Statistics say that Qatar is the richest country in the world measured by per capita income for its citizens (approx. 185,000). That does not apply to Qatar’s total population of approximately two million. Of that two million, 1.8 million are immigrant laborers. I’m not sure that we ever met an actual Qatari during our three days there. Our two day healthcare workshop was attended by Indian, Philipine, Cuban, and various Arab nurses. The nursing administrators were Canadian. None of the workers were Qatari.
The Qatari men wear beautiful long white robes, while the women are completely veiled in black. Porsche SUV’s were a popular auto choice. The architecture was spectacular, the most innovative collection of skyscrapers I’ve ever seen. (Shanghai and Dubai have similar innovative architecture, but I’ve never visited those cities.) Qatar’s amazing standard of living is financed by the world’s insatiable thirst for oil, of which Qatar is well endowed. America’s gas guzzlers contribute a large percentage of the income of several Arab oil producers.
Since Qatar is a devout Muslim country, alcohol is difficult to find. (Alcohol is forbidden in the Koran, but hashish was not mentioned and is thus widespread throughout the region.) Since Qatar is a devout Muslim country, alcohol is difficult to find. (Alcohol is fogion.) Following the first day’s workshop, Jean desired a glass of wine. Asking at the hotel reception, we were told of several tourist hotels that serve alcohol. We took a taxi to a five-star hotel in the city center. Entering the hotel’s bar, it felt like we had entered another world, far removed from the Moslem world outside. It felt like an American sports bar with young Westerners smoking, drinking, and laughing. (There was no non-smoking section.) A glass of beer cost $20 and a mediocre apple martini cost $30.
On the day we arrived from Jordan, I had the opportunity to visit Doha’s Islamic Art Museum. Viewing the fantastic artworks was a history lesson in itself. One was reminded of the dominance of Muslim cultures in science and the arts through the first half of the last millennium. The European renaissance was inspired by the best of Islamic science and arts. Am I the only one to sense that Islamic culture peaked five hundred years ago and has been in decline ever since? When I expressed that thought to a friend visiting the museum with me, he opined that Qatar, Dubai, and Abu Dhabi are leading the resurgence of the Moslem world exemplified by their architecture. Jordan’s and Qatar’s efforts to create world-class healthcare systems are another example.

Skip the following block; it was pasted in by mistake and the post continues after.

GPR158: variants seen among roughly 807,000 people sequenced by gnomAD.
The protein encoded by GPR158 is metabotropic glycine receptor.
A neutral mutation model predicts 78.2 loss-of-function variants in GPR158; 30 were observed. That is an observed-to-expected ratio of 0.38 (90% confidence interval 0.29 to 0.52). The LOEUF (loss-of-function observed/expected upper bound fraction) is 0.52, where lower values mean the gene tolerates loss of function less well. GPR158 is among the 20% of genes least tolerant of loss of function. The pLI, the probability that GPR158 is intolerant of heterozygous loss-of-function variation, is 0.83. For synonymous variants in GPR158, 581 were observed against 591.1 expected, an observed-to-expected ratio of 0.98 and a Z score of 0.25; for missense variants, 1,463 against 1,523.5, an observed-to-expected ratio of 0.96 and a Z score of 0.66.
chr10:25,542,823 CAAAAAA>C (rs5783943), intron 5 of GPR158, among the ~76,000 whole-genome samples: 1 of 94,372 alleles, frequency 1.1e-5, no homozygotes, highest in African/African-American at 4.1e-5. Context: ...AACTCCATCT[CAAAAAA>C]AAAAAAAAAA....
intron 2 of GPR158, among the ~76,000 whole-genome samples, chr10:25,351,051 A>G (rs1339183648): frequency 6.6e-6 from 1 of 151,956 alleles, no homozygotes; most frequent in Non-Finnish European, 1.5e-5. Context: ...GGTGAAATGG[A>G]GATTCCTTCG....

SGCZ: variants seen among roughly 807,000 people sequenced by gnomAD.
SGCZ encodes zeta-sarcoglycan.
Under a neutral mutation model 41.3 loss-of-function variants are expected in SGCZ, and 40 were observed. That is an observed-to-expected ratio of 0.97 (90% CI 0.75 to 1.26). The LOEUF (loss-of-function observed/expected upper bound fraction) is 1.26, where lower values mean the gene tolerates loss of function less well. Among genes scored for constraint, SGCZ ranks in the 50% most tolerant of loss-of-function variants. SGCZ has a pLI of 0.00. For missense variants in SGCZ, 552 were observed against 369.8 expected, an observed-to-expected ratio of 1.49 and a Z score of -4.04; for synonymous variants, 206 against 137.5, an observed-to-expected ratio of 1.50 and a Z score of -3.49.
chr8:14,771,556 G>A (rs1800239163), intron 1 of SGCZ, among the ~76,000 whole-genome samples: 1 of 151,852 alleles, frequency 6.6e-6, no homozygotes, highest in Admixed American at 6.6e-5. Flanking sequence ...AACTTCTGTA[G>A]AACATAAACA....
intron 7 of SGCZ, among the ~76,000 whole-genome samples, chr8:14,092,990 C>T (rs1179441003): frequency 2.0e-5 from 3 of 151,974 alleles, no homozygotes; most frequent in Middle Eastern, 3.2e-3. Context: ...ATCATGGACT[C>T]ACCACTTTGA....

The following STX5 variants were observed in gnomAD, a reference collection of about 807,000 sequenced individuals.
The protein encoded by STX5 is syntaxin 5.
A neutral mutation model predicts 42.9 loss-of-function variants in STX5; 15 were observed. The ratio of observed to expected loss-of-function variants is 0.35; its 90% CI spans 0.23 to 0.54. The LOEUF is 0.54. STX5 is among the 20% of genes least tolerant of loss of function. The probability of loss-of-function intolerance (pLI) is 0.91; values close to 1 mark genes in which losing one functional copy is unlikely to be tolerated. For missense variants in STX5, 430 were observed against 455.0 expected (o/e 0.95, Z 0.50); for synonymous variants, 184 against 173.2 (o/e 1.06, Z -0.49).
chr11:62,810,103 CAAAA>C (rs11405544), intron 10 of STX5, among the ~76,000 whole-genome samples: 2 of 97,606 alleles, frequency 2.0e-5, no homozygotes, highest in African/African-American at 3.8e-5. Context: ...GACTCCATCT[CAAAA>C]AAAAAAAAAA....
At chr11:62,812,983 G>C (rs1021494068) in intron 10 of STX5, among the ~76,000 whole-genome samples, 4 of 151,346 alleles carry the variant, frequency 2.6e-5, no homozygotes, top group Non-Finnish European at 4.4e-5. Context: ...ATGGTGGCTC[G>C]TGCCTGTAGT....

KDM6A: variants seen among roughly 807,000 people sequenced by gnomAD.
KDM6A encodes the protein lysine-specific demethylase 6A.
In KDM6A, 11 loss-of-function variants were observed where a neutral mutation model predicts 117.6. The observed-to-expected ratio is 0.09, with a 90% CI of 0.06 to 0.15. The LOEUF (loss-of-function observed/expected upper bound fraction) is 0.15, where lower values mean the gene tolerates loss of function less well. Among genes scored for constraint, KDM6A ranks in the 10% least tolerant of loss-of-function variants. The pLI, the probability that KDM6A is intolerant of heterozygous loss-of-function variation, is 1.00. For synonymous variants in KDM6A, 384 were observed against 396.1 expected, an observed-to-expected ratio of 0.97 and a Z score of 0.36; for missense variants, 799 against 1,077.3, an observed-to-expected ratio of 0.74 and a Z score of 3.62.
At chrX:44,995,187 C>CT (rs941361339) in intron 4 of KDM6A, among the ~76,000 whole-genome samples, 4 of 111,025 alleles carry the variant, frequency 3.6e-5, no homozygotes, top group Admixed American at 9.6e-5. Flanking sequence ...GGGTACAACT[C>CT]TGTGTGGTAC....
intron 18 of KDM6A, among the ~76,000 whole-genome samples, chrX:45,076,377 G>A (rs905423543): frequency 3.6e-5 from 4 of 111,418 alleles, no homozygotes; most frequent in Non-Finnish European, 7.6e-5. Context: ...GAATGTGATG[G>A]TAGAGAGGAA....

All Qatari citizens have free healthcare from a government awash in petro-dollars. As Qatar expands the capacity of its healthcare system, they will require all employers to pay health insurance premiums for all their immigrant workers. Projected in 2014, when the healthcare system expansion is complete, health insurance fees will be built in to all tourist visa fees, such that every person in Qatar, including citizens, guest workers, and tourists, will be covered by healthcare insurance. I find this to be a fair and elegant way of assuring that healthcare is available to all.
Obamacare created a gaping healthcare coverage loophole when it specified that employers with less than fifty employees would not have to provide their employees with health insurance. This two-tiered system creates a disparity between large and small businesses, as well as leaving thousands of workers without employer healthcare coverage. In my opinion, this highlights the need for a single-payer system that will separate insurance coverage from the necessity of working for a large company (under current regulations) or the inherent hazard of working for a small company that currently bears no responsibility for providing healthcare to its employees. This employer-based healthcare system was flawed from its beginnings during the second world war. It was instituted at a time of full employment when both life expectancies and healthcare costs were much lower.
Times have changed, and most people recognize the need for healthcare reform. Our American for-profit system has resulted in everyone paying twice as much as other countries for often sub-standard care, while one sixth of the population has no access to care beyond the emergency room. There would be plenty of money to provide healthcare for all if the system were reformed to remove the profit motivation that leads to expensive and unnecessary procedures and care.
The conflicts inherent in efforts to reform America’s bloated sick-care treatment system has created an incentive for countries such as Jordan, Qatar, India, Thailand, Singapore, and others, to expand their medical tourism development, in order to attract foreign patients who cannot afford the high price of healthcare in their home countries. We live in a small world with a global economy. A global healthcare system is developing, supported by technology with allows any medical records to be sent instantly anywhere in the world. Thus, it is gratifying to be part of Dr. Jean Watson’s work to spread her Caring Science practice to nurses around the world. Ultimately, as other countries develop their state-of-the-art care facilities, our C.A.R.E. Channel should be an integral part of the environment of care.